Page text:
[ExI] Weird New Physics Update
avantguardian2020 at yahoo.com
Tue Jan 3 08:22:40 UTC 2012
As I predicted it would, my humble laptop running brute-force dimensional-analysis algorithms in Python has led me to some highly unintuitive insights.
Not the least of which is a new understanding of space-time. Its not what anyone thinks it is. Or rather it is what no one allows themselves to think it is. It is a gas composed of particles of space-time that are gravitational-vortices of space-time. I want to call these particles vortons but that name is taken by some vague string-theory crap. So I will call them vorticons.
These votices have both particle and wave properties that can be determined by QM. This vorticon gas that is space-time itself behaves as a specific type of hydrodynamic fluid called a dilatant or shear-thickening fluid in rheology. I know what you are thinking . . . aether theory right? Wrong!
Space-time is the ultimate dilatant and lesser dilatants are embodied by very rare fluids that behave in a non-Newtonian fashion. About the only example I can find is corn starch and water paste. You can see what that is like here:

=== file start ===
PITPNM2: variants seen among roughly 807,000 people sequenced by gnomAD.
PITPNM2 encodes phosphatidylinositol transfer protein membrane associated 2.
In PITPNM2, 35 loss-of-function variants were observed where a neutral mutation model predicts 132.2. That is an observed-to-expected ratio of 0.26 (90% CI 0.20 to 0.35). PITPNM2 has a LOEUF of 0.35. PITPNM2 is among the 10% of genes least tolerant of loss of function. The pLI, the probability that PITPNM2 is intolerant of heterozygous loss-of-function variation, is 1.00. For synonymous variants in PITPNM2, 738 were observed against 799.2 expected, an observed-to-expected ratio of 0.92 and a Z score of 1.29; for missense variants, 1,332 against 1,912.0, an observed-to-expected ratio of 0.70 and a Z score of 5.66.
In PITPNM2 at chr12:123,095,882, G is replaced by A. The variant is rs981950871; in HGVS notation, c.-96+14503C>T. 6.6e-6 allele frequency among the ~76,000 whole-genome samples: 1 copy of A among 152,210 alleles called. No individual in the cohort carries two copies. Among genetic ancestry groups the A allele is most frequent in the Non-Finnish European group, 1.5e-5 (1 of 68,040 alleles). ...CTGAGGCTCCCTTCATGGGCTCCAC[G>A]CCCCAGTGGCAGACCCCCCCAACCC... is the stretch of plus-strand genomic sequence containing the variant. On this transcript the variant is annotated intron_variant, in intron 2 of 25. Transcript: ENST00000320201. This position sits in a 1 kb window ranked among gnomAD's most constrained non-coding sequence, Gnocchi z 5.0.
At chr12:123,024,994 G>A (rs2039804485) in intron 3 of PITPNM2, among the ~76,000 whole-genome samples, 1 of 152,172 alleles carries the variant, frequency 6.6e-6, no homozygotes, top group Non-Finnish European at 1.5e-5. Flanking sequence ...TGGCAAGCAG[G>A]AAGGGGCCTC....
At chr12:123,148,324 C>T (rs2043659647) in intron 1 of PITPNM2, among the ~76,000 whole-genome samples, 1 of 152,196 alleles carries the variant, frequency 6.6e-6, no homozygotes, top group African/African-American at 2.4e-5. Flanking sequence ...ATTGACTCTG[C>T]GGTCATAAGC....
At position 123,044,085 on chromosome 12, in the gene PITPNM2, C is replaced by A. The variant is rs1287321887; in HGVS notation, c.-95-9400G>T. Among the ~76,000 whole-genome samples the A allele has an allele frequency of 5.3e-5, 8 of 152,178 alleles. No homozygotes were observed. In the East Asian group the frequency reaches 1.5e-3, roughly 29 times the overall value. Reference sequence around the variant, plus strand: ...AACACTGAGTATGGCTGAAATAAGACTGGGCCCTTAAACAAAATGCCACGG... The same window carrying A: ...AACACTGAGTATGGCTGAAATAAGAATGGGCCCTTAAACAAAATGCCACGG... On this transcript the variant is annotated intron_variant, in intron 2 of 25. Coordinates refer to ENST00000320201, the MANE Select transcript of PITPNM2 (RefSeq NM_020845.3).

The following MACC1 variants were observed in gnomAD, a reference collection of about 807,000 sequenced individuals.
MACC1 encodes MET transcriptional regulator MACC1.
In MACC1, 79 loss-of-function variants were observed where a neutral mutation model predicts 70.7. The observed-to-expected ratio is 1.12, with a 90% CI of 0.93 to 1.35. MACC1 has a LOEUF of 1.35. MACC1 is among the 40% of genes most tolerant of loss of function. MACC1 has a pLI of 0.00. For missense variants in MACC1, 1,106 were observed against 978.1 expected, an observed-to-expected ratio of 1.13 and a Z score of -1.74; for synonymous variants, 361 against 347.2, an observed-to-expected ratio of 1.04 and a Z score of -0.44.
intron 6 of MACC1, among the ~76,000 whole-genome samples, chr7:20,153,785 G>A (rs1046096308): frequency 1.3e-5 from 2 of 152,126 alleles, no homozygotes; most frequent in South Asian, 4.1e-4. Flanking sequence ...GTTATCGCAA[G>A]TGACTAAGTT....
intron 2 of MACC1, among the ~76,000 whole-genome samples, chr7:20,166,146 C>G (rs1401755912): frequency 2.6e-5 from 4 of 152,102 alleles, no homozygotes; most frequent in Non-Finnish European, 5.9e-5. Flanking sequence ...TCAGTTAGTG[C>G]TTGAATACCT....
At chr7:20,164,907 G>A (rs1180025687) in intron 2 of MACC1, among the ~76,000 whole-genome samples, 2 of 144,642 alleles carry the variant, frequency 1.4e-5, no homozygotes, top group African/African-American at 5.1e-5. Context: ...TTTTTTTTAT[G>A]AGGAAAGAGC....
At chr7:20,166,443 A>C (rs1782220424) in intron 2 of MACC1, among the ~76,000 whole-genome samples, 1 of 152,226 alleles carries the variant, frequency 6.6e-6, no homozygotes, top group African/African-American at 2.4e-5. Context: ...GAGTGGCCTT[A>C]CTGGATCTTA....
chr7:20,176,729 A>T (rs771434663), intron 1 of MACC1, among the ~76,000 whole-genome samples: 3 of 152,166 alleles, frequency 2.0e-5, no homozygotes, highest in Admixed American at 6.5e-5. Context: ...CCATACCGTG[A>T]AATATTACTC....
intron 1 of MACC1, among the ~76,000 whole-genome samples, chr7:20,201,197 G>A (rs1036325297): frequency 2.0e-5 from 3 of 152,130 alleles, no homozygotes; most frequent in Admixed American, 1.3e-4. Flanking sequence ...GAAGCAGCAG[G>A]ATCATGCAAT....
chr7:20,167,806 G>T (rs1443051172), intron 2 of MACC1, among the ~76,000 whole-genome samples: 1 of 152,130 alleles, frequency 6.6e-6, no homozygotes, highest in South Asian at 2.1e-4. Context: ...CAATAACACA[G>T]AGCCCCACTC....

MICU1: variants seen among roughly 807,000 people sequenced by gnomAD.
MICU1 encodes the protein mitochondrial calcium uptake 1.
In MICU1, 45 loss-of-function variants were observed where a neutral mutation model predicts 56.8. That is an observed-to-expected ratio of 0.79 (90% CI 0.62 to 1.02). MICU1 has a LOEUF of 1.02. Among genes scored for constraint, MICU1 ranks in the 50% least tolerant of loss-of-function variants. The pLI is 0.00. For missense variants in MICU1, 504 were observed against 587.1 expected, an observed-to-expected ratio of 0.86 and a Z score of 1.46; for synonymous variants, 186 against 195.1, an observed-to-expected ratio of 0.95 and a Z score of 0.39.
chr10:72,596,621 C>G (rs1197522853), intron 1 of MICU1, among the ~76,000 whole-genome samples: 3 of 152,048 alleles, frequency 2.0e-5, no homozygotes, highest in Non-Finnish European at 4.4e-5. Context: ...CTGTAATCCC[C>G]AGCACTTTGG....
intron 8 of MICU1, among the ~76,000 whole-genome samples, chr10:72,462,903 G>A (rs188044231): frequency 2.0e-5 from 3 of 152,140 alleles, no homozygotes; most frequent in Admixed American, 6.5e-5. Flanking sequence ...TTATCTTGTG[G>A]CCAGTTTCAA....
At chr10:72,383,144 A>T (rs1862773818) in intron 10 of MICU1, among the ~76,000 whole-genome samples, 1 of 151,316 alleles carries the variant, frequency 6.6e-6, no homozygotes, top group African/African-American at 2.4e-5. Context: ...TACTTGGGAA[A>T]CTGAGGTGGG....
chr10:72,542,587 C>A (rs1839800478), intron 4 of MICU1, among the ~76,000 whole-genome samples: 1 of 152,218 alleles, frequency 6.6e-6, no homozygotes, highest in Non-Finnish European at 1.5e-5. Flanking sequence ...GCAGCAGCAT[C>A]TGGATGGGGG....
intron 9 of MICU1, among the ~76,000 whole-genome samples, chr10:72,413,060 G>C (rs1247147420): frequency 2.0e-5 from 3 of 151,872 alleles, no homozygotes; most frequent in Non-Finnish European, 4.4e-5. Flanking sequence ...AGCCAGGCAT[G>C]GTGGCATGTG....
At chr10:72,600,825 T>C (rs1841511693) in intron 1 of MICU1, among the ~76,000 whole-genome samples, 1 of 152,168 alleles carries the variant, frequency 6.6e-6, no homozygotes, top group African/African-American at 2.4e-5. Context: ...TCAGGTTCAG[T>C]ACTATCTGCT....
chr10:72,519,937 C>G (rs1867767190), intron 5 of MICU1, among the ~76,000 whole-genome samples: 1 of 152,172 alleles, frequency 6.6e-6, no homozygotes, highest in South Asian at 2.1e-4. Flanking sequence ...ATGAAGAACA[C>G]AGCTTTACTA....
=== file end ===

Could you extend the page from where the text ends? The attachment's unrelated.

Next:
The point is that space-time is a gas that behaves a lot like cornstarch and water. It's resistant to shear forces, i.e. viscosity increases in response to those shear forces. This experienced in the macroscopic world as inertia, the resistance of a massive body to accelaration by a force. In fact like the corn-starch, the viscosity and density of space-time increases the faster you go, until at the speed of light space-time behaves as a solid!
This *is* the speed of light barrier. This has numerous impIications for everything. The entire universe may be a gaseous sea of these vorticons of various energies and densities flowing in currents around massive bodies. I have some mathematical proofs in a manuscript I have been writing up. I will post them when I am done. I am wondering if these things might be neutrinos.
“Institutions will try to preserve the problem to which they are the solution." -Clay Shirky
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